Interview with Dr. Scholz
Dr. Scholz's dissertation, entitled "The World Is Not Enough: Transmedia World-Building as a Diachronic and Dialogical Process," was submitted to the Track for International Writers in WashU's Program in Comparative Literature, with FMS Professor Colin Burnett serving as co-chair of the dissertation committee.
Q1: First, congratulations on completing your PhD dissertation! Briefly, what is the nub of your research?
Thank you! My research shows that “world-building,” one of the current buzz words in all entertainment industries, is much more than inventing a fictional setting for a story. It is a playful interaction between the story and the spectator, and this goes for all media – film, text, games, comics, everything. Each narrative offers the blueprint for its world step-by-step, and audiences reconstruct it accordingly. They need to add elements, infer, complete, re-evaluate; it’s like a rollercoaster sometimes. Each reader, each viewer contributes their part when creating their mental image of the narrated world; this effort cannot be underestimated. Yet for all the attempts of scholars and enthusiastic consumers of worlds like Middle-earth, we never get a god’s eye view on a narrated world. There is no “objective” version of it, only the “subjective” version of the story at hand. The plot coins the world. Much more than audiences usually assume.
Q2: In your eyes, what contribution does your research make to film and media studies?
My focus on the dynamic aspects of narrated worlds, on the part of their creators and of their consumers, brings us additional methods of analysis and new approaches to interpretation. So far, world-building theory has often been about how to invent elements for a world, which elements are necessary, which are optional, and how such a world is related to the actual world we live in. These questions are all relevant, yet an important point is missing: How does the story deliver the world? There are various ways to cue the human brain into constructing an image of a world. When we understand these mechanisms and strategies, we can analysis how specific narratives go about it. We can easily compare adaptations, for example. How is Tolkien’s world-telling in The Lord of the Rings different from Peter Jackson’s? We can compare the poetic differences in world-telling in different eras or between different artists, maybe between Alfred Hitchcock, Steven Spielberg, and Christopher Nolan. And we can comprehend how narrated worlds create meaning.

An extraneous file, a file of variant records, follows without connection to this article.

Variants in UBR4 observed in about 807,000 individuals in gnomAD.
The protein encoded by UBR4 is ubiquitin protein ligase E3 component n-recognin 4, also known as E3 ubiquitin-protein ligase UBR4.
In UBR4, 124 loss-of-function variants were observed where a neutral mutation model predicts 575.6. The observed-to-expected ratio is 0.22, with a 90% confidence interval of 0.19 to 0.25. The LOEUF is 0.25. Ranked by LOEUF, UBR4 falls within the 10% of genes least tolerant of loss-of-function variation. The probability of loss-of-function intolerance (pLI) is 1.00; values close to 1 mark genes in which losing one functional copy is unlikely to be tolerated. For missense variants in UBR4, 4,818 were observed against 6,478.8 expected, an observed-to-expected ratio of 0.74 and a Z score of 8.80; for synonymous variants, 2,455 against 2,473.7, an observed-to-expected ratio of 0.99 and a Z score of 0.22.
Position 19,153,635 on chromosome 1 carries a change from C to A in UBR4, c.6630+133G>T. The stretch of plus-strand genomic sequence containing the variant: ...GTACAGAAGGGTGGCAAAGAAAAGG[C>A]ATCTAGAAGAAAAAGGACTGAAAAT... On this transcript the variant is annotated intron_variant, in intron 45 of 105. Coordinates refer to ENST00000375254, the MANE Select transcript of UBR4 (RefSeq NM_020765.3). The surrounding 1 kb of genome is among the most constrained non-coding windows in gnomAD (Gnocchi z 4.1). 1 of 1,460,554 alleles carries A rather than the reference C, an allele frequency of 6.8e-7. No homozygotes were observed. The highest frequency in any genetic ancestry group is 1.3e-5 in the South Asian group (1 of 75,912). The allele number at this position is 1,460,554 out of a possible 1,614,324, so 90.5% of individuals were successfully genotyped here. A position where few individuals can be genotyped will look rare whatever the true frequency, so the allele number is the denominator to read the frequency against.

Q3: What's an example of a film or TV show that is particularly striking for it how "tells" its world to the viewer? How do you analyze it?
In many television series, each episode expands the world a little bit further. Yet there is more to it than “adding new elements.” A significant part of world-telling is about meeting audience expectations or surprising them. Take, for example, the series Carnival Row. The biggest part of season one takes place in the city “The Burgue,” a neo-noir fantastic version of Victorian London mixed with steampunk elements. The eponymous city quarter, “Carnival Row,” is introduced with a shot of the monorail running above its main street in episode one.